NEW YORK -- Cruise West had big plans for Asia in 2001: It had sailed its just-acquired Spirit of Oceanus to the Asia-Pacific area and was laying the groundwork for a series of cruises to Japan.

But the exotic itineraries had to be shelved after 9/11, and though the Oceanus spent its summers sailing around Alaska with the rest of the Cruise West fleet, it was tied up in the winters.

This fall, though, the Oceanus will be back doing wintertime cruises, and it will be sailing to Japan for the first time and doing a revised version of its 2001 Pacific cruises.

This is a relaunch of the original plan, said Dick West, chairman of Cruise West, during an interview here.

Executives at Cruise West said demand for the itineraries, which opened in late 2004, is positive. The Japan cruises are about 60% sold; the Far East is about 50% sold, West said.

Were looking at expanding for 2007, he said.

The line has 12 voyages of Japan Unveiled on the books. The cruises begin in Kobe, where passengers can tour a famous Japanese garden and sit in on a tea ceremony.

Scheduled are a visit to a Shinto shrine in Miyajima and a tour of the Peace Memorial Park in Hiroshima. The cruises stop at Kyongju and Kanazawa before passengers disembark in Niigata and take the bullet train to Tokyo.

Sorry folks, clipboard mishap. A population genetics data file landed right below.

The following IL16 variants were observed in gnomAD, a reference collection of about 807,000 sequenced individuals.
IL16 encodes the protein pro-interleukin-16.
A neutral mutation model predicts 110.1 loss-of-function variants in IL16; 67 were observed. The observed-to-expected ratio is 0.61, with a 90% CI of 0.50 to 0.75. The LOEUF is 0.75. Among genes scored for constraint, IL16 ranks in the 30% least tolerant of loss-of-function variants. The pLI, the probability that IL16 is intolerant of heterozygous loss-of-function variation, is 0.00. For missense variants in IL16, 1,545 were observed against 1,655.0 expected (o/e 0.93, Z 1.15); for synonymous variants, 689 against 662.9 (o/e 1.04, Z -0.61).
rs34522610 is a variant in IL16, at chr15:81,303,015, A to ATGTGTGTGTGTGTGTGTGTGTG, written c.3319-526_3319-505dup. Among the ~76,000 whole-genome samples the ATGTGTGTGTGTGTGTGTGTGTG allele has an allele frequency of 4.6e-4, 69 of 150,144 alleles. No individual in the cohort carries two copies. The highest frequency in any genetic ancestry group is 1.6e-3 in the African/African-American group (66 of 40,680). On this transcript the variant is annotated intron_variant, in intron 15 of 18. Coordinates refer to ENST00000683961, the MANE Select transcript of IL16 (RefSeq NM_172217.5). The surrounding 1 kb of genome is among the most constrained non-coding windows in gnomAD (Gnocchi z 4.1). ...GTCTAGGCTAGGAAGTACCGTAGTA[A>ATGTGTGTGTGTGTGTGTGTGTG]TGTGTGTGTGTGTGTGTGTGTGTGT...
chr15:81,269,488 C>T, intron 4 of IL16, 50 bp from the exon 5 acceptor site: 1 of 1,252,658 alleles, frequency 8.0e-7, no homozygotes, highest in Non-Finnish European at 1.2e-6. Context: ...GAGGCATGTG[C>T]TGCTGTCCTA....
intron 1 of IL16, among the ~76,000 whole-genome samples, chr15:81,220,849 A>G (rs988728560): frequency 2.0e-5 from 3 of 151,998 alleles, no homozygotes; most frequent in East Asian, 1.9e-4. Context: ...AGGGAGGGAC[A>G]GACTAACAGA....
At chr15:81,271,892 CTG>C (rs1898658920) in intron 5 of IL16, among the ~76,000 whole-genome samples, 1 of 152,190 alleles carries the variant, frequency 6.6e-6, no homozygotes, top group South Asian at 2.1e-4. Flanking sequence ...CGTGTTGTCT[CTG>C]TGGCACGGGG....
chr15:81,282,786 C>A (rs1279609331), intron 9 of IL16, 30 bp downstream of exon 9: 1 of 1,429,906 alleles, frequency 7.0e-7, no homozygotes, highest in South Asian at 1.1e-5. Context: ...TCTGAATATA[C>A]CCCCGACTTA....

A three-day extension in Kyoto and Nara also is offered.

Though its geographic location -- it is a group of islands -- would make Japan an auspicious cruising ground, in reality Japan is not an easy place to bring a cruise ship. And cruise executives have said consumer demand is greater for Southeast Asia and Australia.

One of the biggest challenges is getting the Japan National Tourist Office and the Japan Tourist Board and port agents [to understand] what a small ship is. They kept trying to bring us to big, industrial ports, West said. We want to be closer to the action.

The Spirit of Oceanus will spend two months in the South Pacific.

Cruise West is selling three cruises around Tahiti and the Marquesas Islands in January; a trip to Tahiti, the Cook Islands and Fiji on Feb. 4; and a Legends of the Pacific islands cruise on Feb. 16 that offers stops at World War II sites and remote places with primitive island cultures.

West said the line tweaked its South Pacific itineraries, adding, for example, the remote Marquesas.

When we did it in 2002, we had three islands in Tonga, and now this year were only doing one; we didnt do Samoa, and this time we are, he said.

West is hands-on with the product. Two years ago, he was in Japan, visiting each location to see which itineraries would be the best.

In January, West spent two weeks in French Polynesia and the Marquesas, checking out the beaches where Zodiacs would come ashore.

To contact reporter Rebecca Tobin, send e-mail to [email protected].

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